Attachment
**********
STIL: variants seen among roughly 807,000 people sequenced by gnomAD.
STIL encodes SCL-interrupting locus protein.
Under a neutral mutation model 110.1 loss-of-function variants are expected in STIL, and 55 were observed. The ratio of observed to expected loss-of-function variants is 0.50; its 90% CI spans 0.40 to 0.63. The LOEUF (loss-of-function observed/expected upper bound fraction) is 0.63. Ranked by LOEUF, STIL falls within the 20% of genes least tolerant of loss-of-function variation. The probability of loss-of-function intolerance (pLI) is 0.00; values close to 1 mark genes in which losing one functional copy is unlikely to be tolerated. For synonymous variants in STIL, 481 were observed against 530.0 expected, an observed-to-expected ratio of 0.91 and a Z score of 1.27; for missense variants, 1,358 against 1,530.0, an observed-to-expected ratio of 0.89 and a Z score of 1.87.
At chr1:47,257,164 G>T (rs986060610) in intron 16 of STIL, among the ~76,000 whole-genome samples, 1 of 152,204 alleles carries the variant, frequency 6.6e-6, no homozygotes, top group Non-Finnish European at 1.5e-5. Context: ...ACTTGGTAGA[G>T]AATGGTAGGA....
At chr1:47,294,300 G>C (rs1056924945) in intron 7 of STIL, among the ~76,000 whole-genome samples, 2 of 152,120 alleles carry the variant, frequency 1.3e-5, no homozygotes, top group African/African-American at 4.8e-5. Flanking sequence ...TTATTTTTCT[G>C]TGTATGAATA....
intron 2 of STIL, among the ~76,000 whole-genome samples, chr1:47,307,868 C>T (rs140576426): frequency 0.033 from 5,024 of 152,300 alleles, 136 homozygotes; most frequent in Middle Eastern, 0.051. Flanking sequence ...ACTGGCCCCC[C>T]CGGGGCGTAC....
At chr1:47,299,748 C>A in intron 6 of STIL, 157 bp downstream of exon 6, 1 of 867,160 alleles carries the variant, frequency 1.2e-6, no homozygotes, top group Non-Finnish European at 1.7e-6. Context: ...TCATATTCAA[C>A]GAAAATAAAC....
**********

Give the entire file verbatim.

STIL: variants seen among roughly 807,000 people sequenced by gnomAD.
STIL encodes SCL-interrupting locus protein.
Under a neutral mutation model 110.1 loss-of-function variants are expected in STIL, and 55 were observed. The ratio of observed to expected loss-of-function variants is 0.50; its 90% CI spans 0.40 to 0.63. The LOEUF (loss-of-function observed/expected upper bound fraction) is 0.63. Ranked by LOEUF, STIL falls within the 20% of genes least tolerant of loss-of-function variation. The probability of loss-of-function intolerance (pLI) is 0.00; values close to 1 mark genes in which losing one functional copy is unlikely to be tolerated. For synonymous variants in STIL, 481 were observed against 530.0 expected, an observed-to-expected ratio of 0.91 and a Z score of 1.27; for missense variants, 1,358 against 1,530.0, an observed-to-expected ratio of 0.89 and a Z score of 1.87.
At chr1:47,257,164 G>T (rs986060610) in intron 16 of STIL, among the ~76,000 whole-genome samples, 1 of 152,204 alleles carries the variant, frequency 6.6e-6, no homozygotes, top group Non-Finnish European at 1.5e-5. Context: ...ACTTGGTAGA[G>T]AATGGTAGGA....
At chr1:47,294,300 G>C (rs1056924945) in intron 7 of STIL, among the ~76,000 whole-genome samples, 2 of 152,120 alleles carry the variant, frequency 1.3e-5, no homozygotes, top group African/African-American at 4.8e-5. Flanking sequence ...TTATTTTTCT[G>C]TGTATGAATA....
intron 2 of STIL, among the ~76,000 whole-genome samples, chr1:47,307,868 C>T (rs140576426): frequency 0.033 from 5,024 of 152,300 alleles, 136 homozygotes; most frequent in Middle Eastern, 0.051. Flanking sequence ...ACTGGCCCCC[C>T]CGGGGCGTAC....
At chr1:47,299,748 C>A in intron 6 of STIL, 157 bp downstream of exon 6, 1 of 867,160 alleles carries the variant, frequency 1.2e-6, no homozygotes, top group Non-Finnish European at 1.7e-6. Context: ...TCATATTCAA[C>A]GAAAATAAAC....